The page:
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  • Writer's pictureStaff @ LPR

Louisiana governor vetoes political deepfakes bill

Louisiana Gov. Jeff Landry has vetoed a bill that would have made it illegal to deceive voters through the use of artificial intelligence-generated deepfakes.

While similar legislation outlawing the use of deceptive audio, images and videos for political purposes has passed uncontroversially in a growing number of other states, Louisiana’s governor claimed such a law infringes on the First Amendment rights of AI companies.

“While I applaud the efforts to prevent false political attacks, I believe this bill creates serious First Amendment concerns as it relates to emerging technologies,” Landry wrote of his veto last month. “The law is far from settled on this issue, and I believe more information is needed before such regulations are enshrined into law.”

Louisiana’s law would have held that: “No person shall cause to be distributed or transmitted any oral, visual, digital, or written material containing any image, audio, or video of a known candidate or of a person who is known to be affiliated with the candidate which he knows or should be reasonably expected to know has been created or intentionally manipulated to create a realistic but false image, audio, or video with the intent to deceive a voter or injure the reputation of a known candidate in an election.”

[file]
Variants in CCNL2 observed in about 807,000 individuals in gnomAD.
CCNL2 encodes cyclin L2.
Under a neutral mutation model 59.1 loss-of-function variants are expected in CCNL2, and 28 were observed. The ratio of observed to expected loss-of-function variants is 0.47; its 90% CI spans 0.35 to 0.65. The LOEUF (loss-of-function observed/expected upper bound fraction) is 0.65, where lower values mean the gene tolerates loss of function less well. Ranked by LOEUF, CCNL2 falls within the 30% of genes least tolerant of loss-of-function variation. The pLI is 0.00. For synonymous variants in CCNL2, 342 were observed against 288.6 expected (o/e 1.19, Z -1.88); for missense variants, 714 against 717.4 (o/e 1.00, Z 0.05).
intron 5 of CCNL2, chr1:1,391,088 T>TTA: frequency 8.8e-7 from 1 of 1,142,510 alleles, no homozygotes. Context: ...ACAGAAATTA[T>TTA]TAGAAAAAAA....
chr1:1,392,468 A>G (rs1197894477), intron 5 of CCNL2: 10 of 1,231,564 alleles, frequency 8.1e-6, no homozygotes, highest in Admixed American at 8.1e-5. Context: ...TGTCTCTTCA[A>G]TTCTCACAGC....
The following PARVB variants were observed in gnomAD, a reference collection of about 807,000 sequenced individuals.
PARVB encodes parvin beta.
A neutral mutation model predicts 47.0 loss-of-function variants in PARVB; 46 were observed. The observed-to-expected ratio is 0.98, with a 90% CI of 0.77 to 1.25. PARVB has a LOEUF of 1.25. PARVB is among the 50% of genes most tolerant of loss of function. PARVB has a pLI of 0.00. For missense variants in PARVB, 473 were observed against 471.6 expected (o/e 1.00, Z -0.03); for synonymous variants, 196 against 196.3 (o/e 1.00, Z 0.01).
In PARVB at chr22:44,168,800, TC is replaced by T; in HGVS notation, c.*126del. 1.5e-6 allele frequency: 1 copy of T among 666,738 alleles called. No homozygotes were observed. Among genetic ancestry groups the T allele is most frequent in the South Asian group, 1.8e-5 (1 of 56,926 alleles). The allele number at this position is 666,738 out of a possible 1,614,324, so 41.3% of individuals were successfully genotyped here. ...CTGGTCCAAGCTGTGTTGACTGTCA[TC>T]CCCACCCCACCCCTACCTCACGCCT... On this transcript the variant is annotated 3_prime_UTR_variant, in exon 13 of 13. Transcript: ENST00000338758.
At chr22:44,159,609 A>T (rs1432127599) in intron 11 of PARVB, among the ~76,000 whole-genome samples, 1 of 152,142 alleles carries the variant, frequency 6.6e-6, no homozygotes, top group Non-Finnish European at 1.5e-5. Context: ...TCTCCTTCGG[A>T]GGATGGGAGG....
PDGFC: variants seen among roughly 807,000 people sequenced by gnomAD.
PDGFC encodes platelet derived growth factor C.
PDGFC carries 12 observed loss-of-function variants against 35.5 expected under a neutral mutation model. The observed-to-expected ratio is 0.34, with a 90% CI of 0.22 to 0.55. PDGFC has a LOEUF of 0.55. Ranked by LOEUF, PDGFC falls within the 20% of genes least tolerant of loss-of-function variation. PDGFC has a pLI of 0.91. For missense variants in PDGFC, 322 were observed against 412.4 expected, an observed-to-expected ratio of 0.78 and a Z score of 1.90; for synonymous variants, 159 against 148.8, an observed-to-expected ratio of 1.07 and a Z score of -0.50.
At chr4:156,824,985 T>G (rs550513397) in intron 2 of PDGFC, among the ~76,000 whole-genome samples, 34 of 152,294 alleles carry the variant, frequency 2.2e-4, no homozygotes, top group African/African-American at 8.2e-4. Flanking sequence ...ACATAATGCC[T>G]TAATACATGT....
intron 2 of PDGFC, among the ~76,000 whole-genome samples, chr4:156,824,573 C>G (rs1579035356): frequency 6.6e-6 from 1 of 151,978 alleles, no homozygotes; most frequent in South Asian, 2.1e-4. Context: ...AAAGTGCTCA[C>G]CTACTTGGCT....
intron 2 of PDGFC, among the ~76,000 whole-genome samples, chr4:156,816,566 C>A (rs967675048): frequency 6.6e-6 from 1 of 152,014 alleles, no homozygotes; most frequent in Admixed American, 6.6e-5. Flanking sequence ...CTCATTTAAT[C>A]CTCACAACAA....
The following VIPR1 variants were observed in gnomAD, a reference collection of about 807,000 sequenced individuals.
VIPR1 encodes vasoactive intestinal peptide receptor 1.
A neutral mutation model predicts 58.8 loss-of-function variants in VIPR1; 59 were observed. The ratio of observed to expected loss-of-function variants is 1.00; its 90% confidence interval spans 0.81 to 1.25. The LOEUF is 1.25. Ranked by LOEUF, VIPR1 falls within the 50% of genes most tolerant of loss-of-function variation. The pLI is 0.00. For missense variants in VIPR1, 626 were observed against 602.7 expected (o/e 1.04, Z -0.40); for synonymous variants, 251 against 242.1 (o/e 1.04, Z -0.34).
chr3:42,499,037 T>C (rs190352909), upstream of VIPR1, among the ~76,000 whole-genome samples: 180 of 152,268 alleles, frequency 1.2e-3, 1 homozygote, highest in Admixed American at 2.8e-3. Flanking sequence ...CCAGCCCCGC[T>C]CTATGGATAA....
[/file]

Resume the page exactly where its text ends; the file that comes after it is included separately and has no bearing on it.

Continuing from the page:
In vetoing the bill, the governor also pointed to a resolution directing the state’s Joint Legislative Committee on Technology and Cybersecurity to make recommendations on how the state should be using AI, a process that’s also underway in many other states.

Landry also vetoed a bill that would have required deepfake media to be watermarked, a new requirement in Connecticut, among other states.

Convincing deepfake media threatens to undermine a political process already being confused by social media algorithms. Numerous states are rushing to minimize the potential harm that generative AI tools could wreak on the nation’s information landscape. Arizona, Florida and Wisconsin are among the states that have passed laws adding AI provisions to laws designed to prevent deception in political campaigns. 

Megan Bellamy, vice president of law and policy at Voting Rights Lab, recently told StateScoop that deepfakes are an especially pernicious threat to democracy.

“AI-generated content can grab the voter’s attention, reach them faster and spread in more of a viral way than state board of elections and county board of elections and all of these trusted sources can overcome,” she said. 

In Arizona, repeatedly failing to label AI-generated political materials, or doing so with the intent to incite violence, was this year made a felony.

Landry, a Republican who formerly served as the state’s attorney general, also currently finds himself amid other controversies — he signed a law last month that will require public classrooms to display the Ten Commandments. The American Civil Liberties Union said it plans to file a lawsuit, a fight it won at least once, including in 2002 when the group’s Maryland branch dismissed a lawsuit against the City and County of Frederick for displaying the biblical text in a public park.


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